Blogged a few weeks ago about Ex Memphis Mayor Willie Henreton’s attempt to knock off incumbent Steve Cohen in a majority black district – Ex Mayor Herenton Plays the Race Card in Tennessee based largely on race.
Tennesse Democrats weren’t buying, and handed Steve Cohen a victory yesterday in a landslide.
The former longtime mayor of Memphis, who unabashedly campaigned for voters to send him to Congress because he is black, was overwhelmingly defeated by the white incumbent in Thursday’s Democratic primary…
Willie Herenton, Memphis’ first black elected mayor, pushed the race angle throughout his campaign for the 9th District House seat, saying he’s more representative of majority-black Memphis than U.S. Rep. Steve Cohen, who is white and Jewish. Herenton had said he wanted to diversify Tennessee’s all-white, 11-member congressional delegation. But with 78 percent of precincts reporting, Cohen had 54,897 votes, or 79 percent, to Herenton’s 14,254 or 21 percent.
Cohen said his victory sends a message that “Memphis is a city on the move and not a city of the past.”
Herenton urged his supporters to back Cohen. Before Thursday, the 70-year-old Herenton had never lost a political race and served 4½ terms as mayor before retiring under the cloud of a federal corruption investigation, which now appears to be over. Cohen, a two-term congressman, countered Herenton’s tactics with endorsements from President Barack Obama and Harold Ford Sr., the first black elected to the seat and senior member of a powerful political family.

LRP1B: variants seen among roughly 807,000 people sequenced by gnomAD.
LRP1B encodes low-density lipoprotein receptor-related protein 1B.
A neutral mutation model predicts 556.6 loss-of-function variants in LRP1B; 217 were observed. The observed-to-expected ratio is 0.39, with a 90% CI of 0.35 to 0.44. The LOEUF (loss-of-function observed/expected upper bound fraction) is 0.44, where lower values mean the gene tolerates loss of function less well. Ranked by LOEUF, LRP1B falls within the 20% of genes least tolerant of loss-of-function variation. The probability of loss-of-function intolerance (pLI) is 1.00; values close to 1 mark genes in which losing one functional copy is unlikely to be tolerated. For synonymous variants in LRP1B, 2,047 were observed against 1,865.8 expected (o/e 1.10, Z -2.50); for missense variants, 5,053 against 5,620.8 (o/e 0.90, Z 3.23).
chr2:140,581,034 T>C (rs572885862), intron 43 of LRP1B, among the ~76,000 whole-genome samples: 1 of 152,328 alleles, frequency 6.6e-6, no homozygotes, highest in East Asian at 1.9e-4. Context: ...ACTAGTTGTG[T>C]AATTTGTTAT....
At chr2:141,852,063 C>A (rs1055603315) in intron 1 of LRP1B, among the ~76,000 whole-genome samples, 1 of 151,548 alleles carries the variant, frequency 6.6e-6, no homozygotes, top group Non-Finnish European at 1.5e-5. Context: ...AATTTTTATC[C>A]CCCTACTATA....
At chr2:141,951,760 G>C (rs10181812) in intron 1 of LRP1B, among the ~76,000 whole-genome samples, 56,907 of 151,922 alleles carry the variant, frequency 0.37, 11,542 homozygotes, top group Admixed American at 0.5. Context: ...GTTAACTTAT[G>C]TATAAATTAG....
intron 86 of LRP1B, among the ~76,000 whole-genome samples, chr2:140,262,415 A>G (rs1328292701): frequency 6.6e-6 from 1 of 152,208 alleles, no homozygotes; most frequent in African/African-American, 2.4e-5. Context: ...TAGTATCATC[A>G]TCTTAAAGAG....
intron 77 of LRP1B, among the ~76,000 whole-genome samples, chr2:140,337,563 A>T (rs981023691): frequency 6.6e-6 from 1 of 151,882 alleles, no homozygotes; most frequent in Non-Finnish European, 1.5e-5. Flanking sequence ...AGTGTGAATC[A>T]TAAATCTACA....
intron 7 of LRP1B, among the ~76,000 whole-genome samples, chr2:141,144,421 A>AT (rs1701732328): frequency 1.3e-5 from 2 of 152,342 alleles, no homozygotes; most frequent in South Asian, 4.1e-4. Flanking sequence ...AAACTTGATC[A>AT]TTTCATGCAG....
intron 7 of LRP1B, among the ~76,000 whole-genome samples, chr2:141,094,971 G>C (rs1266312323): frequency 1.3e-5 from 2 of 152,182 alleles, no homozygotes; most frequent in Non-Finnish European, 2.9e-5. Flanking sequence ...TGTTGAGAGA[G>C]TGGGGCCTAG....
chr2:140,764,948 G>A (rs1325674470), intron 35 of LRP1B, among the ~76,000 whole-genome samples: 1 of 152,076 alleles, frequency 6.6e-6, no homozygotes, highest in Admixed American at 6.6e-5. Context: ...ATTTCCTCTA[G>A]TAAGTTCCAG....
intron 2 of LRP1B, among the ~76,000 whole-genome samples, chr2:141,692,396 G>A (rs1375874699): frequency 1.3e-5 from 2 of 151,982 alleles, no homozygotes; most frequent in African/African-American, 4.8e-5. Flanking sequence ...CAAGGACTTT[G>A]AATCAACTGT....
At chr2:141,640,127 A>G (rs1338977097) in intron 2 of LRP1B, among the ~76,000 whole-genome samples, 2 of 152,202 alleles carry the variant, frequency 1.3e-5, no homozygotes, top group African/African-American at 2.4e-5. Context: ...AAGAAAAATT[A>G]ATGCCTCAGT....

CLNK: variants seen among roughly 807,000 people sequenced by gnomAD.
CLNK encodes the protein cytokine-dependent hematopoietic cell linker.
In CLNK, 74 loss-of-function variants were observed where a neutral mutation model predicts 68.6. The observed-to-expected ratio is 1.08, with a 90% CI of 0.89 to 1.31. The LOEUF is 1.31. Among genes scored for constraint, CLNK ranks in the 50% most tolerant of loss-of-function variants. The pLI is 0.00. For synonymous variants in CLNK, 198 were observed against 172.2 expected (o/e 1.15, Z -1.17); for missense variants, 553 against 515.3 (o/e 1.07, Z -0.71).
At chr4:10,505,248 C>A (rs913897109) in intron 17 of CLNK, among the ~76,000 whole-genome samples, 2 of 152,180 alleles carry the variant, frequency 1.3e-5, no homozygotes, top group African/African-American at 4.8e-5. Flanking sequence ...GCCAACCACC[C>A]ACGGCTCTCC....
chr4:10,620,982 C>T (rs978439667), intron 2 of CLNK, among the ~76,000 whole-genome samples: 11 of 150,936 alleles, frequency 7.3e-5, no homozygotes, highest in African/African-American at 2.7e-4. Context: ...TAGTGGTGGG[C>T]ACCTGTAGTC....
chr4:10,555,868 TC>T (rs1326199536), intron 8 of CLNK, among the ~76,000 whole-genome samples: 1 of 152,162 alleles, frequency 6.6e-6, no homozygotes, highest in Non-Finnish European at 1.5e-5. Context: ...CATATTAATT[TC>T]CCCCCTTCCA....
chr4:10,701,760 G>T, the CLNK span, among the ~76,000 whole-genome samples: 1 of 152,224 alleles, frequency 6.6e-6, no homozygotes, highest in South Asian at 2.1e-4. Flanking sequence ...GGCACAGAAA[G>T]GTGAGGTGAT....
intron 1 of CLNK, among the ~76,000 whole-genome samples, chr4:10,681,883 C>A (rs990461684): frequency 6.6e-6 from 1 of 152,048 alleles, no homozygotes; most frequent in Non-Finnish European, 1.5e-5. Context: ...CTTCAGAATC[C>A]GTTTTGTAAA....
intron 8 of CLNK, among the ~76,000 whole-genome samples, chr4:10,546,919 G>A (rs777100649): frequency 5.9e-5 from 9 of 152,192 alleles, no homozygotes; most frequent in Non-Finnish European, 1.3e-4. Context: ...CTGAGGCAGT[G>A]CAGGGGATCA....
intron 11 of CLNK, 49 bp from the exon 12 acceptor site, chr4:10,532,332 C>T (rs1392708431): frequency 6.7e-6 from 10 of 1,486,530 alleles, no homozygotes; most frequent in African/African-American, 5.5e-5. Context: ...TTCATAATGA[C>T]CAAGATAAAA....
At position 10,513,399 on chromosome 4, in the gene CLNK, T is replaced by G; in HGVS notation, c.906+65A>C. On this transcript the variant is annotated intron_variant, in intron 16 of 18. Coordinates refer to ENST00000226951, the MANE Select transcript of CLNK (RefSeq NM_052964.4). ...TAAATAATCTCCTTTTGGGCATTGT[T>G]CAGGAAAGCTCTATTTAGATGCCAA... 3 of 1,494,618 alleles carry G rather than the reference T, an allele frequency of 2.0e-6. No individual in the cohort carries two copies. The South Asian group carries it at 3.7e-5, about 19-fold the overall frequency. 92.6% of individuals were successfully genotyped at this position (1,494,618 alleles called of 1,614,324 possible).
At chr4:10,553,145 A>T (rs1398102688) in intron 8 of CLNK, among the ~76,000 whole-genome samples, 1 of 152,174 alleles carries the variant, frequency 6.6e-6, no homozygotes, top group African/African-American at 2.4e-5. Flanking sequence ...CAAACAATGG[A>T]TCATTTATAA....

“I’m the kind of guy that was always the winner. For whatever reason, it was not part of God’s master plan,” Herenton said.
Democrats have held the seat for more than three decades and Cohen will be the heavy favorite to win in November.
In other election news, apparently internet favorite Basil Marceaux, was not able to overcome… a lot of things… as Knoxville Mayor Bill Haslam swept the crowded Republican field –
Also Thursday, Knoxville Mayor Bill Haslam won Tennessee’s Republican gubernatorial nomination after a contentious and expensive 19-month campaign. Haslam, the dominant fundraiser of the race, triumphed over U.S. Rep. Zach Wamp and state Senate Speaker Ron Ramsey. With 2 percent of precincts reporting, Haslam had 115,705 votes, or 52 percent, to Wamp’s 59,922 votes, or 27 percent. Ramsey had 43,308 votes, or 20 percent.
State Senate Speaker and Lt Governor Ron Ramsey, whose pronouncement that the Constitutional Guarantee of Religious Freedom doesn’t apply to Muslims roiled the political atmosphere, came in 3rd.